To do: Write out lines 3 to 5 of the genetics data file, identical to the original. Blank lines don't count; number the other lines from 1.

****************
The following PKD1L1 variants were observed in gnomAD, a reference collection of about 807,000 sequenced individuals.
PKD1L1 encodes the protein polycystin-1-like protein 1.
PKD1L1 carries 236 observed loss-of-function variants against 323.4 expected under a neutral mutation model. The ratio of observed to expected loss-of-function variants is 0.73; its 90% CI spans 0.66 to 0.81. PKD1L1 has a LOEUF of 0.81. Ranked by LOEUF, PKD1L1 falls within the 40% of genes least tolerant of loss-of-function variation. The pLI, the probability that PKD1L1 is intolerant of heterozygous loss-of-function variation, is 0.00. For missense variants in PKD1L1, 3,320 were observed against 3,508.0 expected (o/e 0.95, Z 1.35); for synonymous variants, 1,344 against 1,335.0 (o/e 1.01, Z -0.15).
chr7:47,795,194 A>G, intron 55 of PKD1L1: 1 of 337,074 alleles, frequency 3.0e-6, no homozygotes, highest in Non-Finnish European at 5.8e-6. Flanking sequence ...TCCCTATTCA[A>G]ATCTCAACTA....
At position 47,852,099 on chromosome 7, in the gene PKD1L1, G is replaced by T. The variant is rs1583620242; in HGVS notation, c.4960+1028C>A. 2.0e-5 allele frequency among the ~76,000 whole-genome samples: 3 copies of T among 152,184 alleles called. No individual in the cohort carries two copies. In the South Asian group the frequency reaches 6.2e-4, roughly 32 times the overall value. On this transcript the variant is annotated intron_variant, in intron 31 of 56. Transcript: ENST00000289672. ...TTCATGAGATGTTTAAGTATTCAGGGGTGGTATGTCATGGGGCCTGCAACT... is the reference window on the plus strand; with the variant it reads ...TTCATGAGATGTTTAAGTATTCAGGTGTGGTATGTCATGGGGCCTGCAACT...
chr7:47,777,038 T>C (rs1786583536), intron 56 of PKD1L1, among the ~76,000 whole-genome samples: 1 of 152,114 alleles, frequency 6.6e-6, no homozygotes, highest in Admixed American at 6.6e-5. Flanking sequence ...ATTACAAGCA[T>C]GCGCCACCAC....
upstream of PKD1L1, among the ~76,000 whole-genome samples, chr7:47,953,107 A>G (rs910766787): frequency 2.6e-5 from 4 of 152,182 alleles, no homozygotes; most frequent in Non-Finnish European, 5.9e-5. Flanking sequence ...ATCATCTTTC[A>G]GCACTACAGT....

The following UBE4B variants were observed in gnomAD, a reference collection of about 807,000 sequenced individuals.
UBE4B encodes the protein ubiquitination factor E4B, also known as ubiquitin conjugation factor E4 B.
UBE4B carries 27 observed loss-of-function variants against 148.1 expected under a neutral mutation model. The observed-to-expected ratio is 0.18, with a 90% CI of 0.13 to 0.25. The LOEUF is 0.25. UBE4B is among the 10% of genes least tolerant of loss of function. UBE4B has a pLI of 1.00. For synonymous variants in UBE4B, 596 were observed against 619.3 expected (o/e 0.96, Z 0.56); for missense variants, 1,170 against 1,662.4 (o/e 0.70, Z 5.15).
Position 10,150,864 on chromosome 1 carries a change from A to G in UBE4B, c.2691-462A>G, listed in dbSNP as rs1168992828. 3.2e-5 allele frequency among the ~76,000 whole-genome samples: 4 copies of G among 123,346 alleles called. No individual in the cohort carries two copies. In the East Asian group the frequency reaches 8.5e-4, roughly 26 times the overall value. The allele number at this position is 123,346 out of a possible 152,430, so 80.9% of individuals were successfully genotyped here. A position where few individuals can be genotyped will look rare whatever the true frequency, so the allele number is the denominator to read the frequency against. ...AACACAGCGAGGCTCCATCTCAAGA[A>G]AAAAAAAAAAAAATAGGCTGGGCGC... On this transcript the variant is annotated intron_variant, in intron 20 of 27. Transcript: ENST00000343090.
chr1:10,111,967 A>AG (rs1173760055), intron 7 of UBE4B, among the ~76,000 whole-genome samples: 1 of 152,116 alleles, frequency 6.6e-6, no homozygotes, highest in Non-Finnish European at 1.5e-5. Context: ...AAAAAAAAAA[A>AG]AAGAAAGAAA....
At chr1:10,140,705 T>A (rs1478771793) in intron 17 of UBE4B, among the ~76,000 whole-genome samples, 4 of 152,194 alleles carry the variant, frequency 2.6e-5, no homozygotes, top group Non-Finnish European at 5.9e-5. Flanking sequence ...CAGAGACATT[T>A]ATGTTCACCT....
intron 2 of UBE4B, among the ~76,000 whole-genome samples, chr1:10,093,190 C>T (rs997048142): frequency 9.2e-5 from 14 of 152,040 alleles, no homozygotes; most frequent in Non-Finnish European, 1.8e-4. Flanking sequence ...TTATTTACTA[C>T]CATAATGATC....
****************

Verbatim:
PKD1L1 carries 236 observed loss-of-function variants against 323.4 expected under a neutral mutation model. The ratio of observed to expected loss-of-function variants is 0.73; its 90% CI spans 0.66 to 0.81. PKD1L1 has a LOEUF of 0.81. Ranked by LOEUF, PKD1L1 falls within the 40% of genes least tolerant of loss-of-function variation. The pLI, the probability that PKD1L1 is intolerant of heterozygous loss-of-function variation, is 0.00. For missense variants in PKD1L1, 3,320 were observed against 3,508.0 expected (o/e 0.95, Z 1.35); for synonymous variants, 1,344 against 1,335.0 (o/e 1.01, Z -0.15).
chr7:47,795,194 A>G, intron 55 of PKD1L1: 1 of 337,074 alleles, frequency 3.0e-6, no homozygotes, highest in Non-Finnish European at 5.8e-6. Flanking sequence ...TCCCTATTCA[A>G]ATCTCAACTA....
At position 47,852,099 on chromosome 7, in the gene PKD1L1, G is replaced by T. The variant is rs1583620242; in HGVS notation, c.4960+1028C>A. 2.0e-5 allele frequency among the ~76,000 whole-genome samples: 3 copies of T among 152,184 alleles called. No individual in the cohort carries two copies. In the South Asian group the frequency reaches 6.2e-4, roughly 32 times the overall value. On this transcript the variant is annotated intron_variant, in intron 31 of 56. Transcript: ENST00000289672. ...TTCATGAGATGTTTAAGTATTCAGGGGTGGTATGTCATGGGGCCTGCAACT... is the reference window on the plus strand; with the variant it reads ...TTCATGAGATGTTTAAGTATTCAGGTGTGGTATGTCATGGGGCCTGCAACT...